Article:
Native (or indigenous) plants are ones that grow naturally in a place. Here in North America and specifically in the Northeast, we have an especially large number of plant species that have been growing here long before European settlers came. The Native Americans knew and used this wide variety of plants for food and medicine and created a rich body of knowledge about them that they passed down through the generations.
There are many reasons that native plants are important to us, but they are absolutely essential to support our native insects and birds. Many native insects can draw nectar from exotic plants brought from Europe, Africa and Asia, but they cannot lay eggs and their larvae cannot feed on those plants. The prolific number of species of insects native to the Northeast depend entirely on native plants, so it is important to make sure the areas where these plants can grow and thrive are maintained and even increased.
Native plants are under pressure from exotic plants that have become invasive. These plants often have no predators outside of their natural habitats and so when they are let loose in new places, they can grow unchecked and take over the space where natives used to grow. In backyard and roadside landscapes, often people prefer either perfectly groomed lawns or exotic “interesting” plants from other places. These landscapes take the place of native plant habitats that offer many more benefits to wildlife.
Our Native Wildlife Garden at the Garrison School is planted entirely with native plants and these plants support wildlife in many ways. The plants host our native insects by offering a protected place for them to lay eggs and then providing the specific food that hatchling caterpillars or larvae need to grow and thrive; they cannot survive on exotic plants or mown lawns. Insect larvae metamorphose into wasps, bees, butterflies and moths and by drawing nectar from flowers, they carry pollen from one to another making it possible for plants to reproduce and proliferate. The insects are essential to the survival of the same plants that provide them the food for their own survival.
Native plants are also essential to native birds. They provide habitat and safe cover for the birds and places for them to nest, but also rich and nutritious seeds and berries for them to eat throughout the year, even in winter. But there is another important way that birds are supported by natives. Because birds have evolved to feed off native insects, native plants not only increase the health of the insect population, but provide rich and nutritious protein for birds. A bird in flight can sometimes eat 700 or more caterpillars in a single day. The birds depend on the insects and the insects depend on the plants so we can begin to see the interconnections playing out right here in one little garden. The Native Wildlife Garden provides us a window into this wonderful web of life and helps us learn and appreciate the beauty, diversity and value of native plants. This tiny healthy habitat can inspire the whole community to love and foster these important landscapes and the wildlife that depends upon them.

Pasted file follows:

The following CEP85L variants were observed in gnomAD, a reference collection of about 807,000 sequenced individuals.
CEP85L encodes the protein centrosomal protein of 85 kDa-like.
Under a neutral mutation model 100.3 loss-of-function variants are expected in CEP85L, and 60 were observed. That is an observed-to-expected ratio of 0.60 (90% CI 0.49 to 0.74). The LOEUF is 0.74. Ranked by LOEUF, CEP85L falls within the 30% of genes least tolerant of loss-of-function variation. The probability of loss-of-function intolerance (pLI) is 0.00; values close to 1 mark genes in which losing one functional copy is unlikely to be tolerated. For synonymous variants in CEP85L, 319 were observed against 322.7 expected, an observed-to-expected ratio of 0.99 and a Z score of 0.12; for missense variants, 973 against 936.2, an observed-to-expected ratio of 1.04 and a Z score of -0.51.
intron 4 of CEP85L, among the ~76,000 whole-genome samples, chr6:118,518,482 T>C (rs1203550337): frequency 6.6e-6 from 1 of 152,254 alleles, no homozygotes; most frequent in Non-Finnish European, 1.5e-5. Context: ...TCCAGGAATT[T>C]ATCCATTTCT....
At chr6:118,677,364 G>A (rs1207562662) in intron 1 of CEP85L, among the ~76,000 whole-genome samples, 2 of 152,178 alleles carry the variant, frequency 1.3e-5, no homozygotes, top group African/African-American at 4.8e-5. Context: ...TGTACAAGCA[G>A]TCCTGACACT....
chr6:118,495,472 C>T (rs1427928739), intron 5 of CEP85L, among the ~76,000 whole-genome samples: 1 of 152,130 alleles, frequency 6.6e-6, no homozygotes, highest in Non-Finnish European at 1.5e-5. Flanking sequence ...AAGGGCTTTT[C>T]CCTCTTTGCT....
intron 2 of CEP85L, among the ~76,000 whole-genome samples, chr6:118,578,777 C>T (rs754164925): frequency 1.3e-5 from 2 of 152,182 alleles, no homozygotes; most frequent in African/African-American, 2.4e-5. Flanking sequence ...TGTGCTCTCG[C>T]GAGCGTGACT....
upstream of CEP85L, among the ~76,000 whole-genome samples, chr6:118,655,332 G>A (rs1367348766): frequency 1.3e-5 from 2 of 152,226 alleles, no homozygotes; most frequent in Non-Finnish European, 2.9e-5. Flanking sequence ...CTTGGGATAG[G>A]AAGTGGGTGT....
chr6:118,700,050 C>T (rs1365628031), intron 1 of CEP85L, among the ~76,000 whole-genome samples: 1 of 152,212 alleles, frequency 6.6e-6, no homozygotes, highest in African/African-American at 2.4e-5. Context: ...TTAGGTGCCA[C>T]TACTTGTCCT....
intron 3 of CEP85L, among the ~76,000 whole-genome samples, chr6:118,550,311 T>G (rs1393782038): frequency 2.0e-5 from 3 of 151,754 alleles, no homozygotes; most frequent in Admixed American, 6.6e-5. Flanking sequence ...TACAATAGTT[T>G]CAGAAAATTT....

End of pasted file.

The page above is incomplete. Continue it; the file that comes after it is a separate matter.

Learn more about Native Plants:
Brown, Carole Sevilla. Native Plants and Wildlife Gardens. n.d. Web. 27 Feb. 2016.
Darke, Rick and Doug Tallamy. The Living Landscape: Designing for Beauty and Biodiversity in the Home Garden. Portland: Timber Press, 2014.
"Garden for Wildlife: Making Wildlife Habitat at Home." National Wildlife Federation. National Wildlife Federation, n.d. Web. 27 Feb. 2016.
Nowak, Mariette. "Creating a Bird-Friendly Yard with Native Plants." Wild Ones. Wildones.org, 2011. Web. 27 Feb. 2016.
Raver, Anne. “To Feed the Birds, First Feed the Bugs.” New York Times 6 March 6, 2008. Web. 27 Feb. 2016.
Tallamy, Doug. Bringing Nature Home: How You Can Sustain Wildlife with Native Plants. Portland: Timber Press, 2007.
"The Native Plant Center." Westchester Community College. Westchester Community College, n.d. Web. 27 Feb. 2016.
Anne Symmes is a horticulturalist and landscape designer. She works as Horticulturalist and Garden Educator at the Beatrix Farrand Garden at Bellefield in Hyde Park. Bellefield, an 18th century house, now serves as the headquarters of the National Park Service.